What The Media Gets Wrong On ASMR

The media loves to explore the new world of ASMR, but it doesn’t always get it right.

Hands up if you watch ASMR videos? I know I do. I didn’t know ASMR as a thing until Bristol-born comedian Russell Howard introduced me to this “absurd” phenomenon in one of his sketches. After that, I was hooked!

What Is ASMR?

ASMR stands for Autonomous Sensory Meridian Response. Explained briefly, ASMR is that pleasurable, tingly sensation in our scalp and neck that lots of us experience in response to a particular trigger or sound. For example, it could be:

  • Gentle whispering
  • Tapping fingernails on wood or glass
  • Crinkling paper, plastic or linen
  • Eating sounds
  • Personal attention, such as a doctor’s visit or an eye exam

It’s important to understand here that a person’s particular triggers will largely depend on life experiences. For example, someone who’s best friend or sister used to pamper them might enjoy makeover roleplays, someone who used to have a parent read them bedtime stories may enjoy gentle whispering, and so on. For me personally, hairdressing roleplays (I have had the same marvellous hairdresser since childhood!) and crinkly plastic sounds are huge triggers. My Nan used to fold plastic bags into little squares to store them, so the gentle crinkle of plastic now takes me back to a very warm, safe and happy place. Keep this in mind, because it helps us to better understand this phenomenal experience, and the minds of the many people who benefit from it.

The Hidden Benefits of ASMR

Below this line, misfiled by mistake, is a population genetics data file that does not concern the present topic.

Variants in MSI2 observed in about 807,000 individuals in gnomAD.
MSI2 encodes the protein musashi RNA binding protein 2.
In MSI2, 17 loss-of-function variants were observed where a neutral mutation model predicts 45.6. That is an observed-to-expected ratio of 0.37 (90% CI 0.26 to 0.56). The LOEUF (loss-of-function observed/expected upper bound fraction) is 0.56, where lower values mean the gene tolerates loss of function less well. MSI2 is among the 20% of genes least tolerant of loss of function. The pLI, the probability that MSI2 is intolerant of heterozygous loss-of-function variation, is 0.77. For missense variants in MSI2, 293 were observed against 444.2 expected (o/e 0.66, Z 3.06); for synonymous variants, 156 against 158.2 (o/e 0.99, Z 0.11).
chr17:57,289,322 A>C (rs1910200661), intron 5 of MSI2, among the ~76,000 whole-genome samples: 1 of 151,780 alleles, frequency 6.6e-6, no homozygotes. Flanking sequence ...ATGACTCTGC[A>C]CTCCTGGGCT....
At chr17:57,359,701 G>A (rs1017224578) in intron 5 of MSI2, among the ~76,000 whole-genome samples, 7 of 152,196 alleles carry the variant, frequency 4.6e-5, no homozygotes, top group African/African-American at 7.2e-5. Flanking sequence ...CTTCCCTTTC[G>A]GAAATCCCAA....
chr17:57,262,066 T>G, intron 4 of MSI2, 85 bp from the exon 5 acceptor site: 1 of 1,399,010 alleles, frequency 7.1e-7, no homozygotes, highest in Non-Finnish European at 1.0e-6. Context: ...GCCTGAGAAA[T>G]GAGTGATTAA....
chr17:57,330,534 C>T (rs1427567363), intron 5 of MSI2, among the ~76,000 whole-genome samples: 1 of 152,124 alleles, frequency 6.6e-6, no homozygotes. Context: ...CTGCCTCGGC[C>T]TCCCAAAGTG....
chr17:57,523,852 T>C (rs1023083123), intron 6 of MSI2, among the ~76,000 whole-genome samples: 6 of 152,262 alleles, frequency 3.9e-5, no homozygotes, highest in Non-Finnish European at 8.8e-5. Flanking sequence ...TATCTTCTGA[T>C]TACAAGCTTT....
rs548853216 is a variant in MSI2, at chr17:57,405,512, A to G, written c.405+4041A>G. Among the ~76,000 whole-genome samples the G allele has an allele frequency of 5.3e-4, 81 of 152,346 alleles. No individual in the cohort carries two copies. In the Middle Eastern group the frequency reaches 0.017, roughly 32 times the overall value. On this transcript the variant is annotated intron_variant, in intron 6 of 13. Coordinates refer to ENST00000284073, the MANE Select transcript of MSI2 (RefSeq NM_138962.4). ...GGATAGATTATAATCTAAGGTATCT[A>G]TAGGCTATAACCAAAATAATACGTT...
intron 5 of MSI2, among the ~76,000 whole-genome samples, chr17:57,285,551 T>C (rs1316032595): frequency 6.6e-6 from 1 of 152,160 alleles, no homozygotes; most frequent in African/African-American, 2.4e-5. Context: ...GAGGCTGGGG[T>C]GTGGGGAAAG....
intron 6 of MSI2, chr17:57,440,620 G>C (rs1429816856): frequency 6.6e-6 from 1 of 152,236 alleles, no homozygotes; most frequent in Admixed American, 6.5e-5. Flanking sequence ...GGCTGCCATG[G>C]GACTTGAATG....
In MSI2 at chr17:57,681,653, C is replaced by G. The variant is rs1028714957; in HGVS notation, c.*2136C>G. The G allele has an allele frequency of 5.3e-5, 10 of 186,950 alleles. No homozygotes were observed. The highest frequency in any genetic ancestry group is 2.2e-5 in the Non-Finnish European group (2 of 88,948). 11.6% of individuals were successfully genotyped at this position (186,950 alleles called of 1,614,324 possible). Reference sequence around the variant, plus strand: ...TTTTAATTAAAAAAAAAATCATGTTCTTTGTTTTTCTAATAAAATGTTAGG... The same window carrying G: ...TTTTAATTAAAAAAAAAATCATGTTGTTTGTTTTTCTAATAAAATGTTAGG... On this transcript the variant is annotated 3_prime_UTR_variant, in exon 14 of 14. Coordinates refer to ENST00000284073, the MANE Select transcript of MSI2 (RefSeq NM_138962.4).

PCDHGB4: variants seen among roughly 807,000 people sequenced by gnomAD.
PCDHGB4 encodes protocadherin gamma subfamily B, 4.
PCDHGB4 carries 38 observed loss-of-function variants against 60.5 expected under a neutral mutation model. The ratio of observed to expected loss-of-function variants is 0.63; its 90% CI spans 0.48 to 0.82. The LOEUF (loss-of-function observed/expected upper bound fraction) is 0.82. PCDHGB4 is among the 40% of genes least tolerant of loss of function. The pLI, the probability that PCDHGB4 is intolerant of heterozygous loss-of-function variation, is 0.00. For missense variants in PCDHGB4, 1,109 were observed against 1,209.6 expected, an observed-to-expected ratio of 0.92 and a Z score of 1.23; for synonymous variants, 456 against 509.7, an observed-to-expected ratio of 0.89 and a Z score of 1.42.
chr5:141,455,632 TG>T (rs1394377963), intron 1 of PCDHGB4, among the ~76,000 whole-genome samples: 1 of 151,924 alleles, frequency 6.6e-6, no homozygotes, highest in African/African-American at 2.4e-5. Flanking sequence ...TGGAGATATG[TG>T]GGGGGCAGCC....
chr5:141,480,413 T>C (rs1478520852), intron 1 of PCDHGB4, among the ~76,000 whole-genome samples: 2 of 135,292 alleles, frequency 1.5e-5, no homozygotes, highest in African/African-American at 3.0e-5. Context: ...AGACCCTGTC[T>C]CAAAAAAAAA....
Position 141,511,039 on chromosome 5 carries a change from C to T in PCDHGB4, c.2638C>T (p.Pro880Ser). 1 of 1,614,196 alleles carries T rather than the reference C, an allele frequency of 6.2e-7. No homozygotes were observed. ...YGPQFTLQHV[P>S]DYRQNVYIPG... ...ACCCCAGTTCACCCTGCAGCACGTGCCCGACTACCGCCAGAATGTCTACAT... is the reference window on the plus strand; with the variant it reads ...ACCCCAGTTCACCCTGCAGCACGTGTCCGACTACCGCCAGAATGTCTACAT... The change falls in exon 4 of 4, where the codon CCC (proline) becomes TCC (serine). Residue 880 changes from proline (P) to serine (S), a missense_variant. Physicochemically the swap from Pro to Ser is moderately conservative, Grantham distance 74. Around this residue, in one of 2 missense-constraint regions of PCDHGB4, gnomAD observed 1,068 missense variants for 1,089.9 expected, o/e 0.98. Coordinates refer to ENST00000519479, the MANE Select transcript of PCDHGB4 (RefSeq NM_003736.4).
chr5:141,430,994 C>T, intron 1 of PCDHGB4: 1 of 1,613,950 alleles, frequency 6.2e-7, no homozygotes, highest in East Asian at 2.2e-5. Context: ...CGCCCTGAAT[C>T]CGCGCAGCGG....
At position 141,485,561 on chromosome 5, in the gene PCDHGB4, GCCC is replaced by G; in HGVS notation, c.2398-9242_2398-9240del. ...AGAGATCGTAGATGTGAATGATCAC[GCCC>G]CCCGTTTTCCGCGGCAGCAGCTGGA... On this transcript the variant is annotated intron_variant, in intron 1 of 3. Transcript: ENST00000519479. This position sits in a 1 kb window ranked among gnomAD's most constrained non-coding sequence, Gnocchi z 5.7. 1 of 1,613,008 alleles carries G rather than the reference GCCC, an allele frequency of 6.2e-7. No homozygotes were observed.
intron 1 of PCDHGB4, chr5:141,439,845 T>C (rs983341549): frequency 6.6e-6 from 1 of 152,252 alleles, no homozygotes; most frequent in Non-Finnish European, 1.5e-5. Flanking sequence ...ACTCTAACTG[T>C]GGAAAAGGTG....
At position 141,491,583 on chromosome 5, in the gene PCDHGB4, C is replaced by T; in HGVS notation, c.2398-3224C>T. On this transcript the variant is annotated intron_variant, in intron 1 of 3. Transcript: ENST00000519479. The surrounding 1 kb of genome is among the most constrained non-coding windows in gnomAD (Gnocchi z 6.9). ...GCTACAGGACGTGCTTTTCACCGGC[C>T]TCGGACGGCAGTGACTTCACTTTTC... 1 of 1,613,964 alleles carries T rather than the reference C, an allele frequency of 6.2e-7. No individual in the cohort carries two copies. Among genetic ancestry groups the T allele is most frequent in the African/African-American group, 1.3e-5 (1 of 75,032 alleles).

In today’s modern world, a lot of people are wracked with anxiety. Anxiety can wreak havoc on all parts of our lives, but none quite moreso than our sleep. For a lot of people, ASMR serves the same purpose as relaxation videos and guided meditations – it’s another great way of helping us pop off to sleep.

But ASMR has yet another, seldom understood benefit.

Not only does ASMR help us relax enough to get some shut-eye, but “the tingles” have been associated with dopamine release. As the listener listens to sounds which many might find absurd or even strange, the listener is effectively and naturally combatting their own anxiety and depression – sans medication!

So this is why I get so annoyed when I see ASMR being mocked, laughed at and used in the media to advertise a product. You see, at the heart of every ASMR video is the creator’s intention.

Unlike meditation, ASMR videos and media are often made in such a way that the viewer feels as though the creator is engaging with them and caring for them, one-to-one. Through carefully applied camera angles, positioning and sentences, the viewer can feel as though the creator is really touching them or engaging with them in some way. There is a lot of time, effort, creativity and specialist equipment that goes into making genuine ASMR media and the best ones are not simply videoed content using a budget web camera and microphone. Most creators start off with a Blue Yeti USB microphone, with a starting price of about £100. A sensitive binaural microphone is necessary in order to be able to give the viewer the truly immersive experience which a mono microphone simply won’t be able to deliver. Trust me, I tried – and I invested! 

What It Takes To Make ASMR: In The Media

In an episode of British TV media show This Morning, Philip Schofield and Holly Willoughby discussed ASMR and interviewed Youtube ASMR creator Emma Smith (WhispersRed), and even had a go at creating ASMR themselves. Whilst it was most certainly a good effort, they failed to understand one thing – whispered ASMR isn’t just whispering, it’s much softer and much more focused. As another example of ASMR-gone-wrong (or so I believe) is this Head & Shoulders advertorial, featuring Claudia Winkleman. You see? The intention of the media here is to sell the product, rather than focusing on the sounds. The product is the focus here, rather than the viewer. It is why, I believe, the ASMR intentions here simply do not work.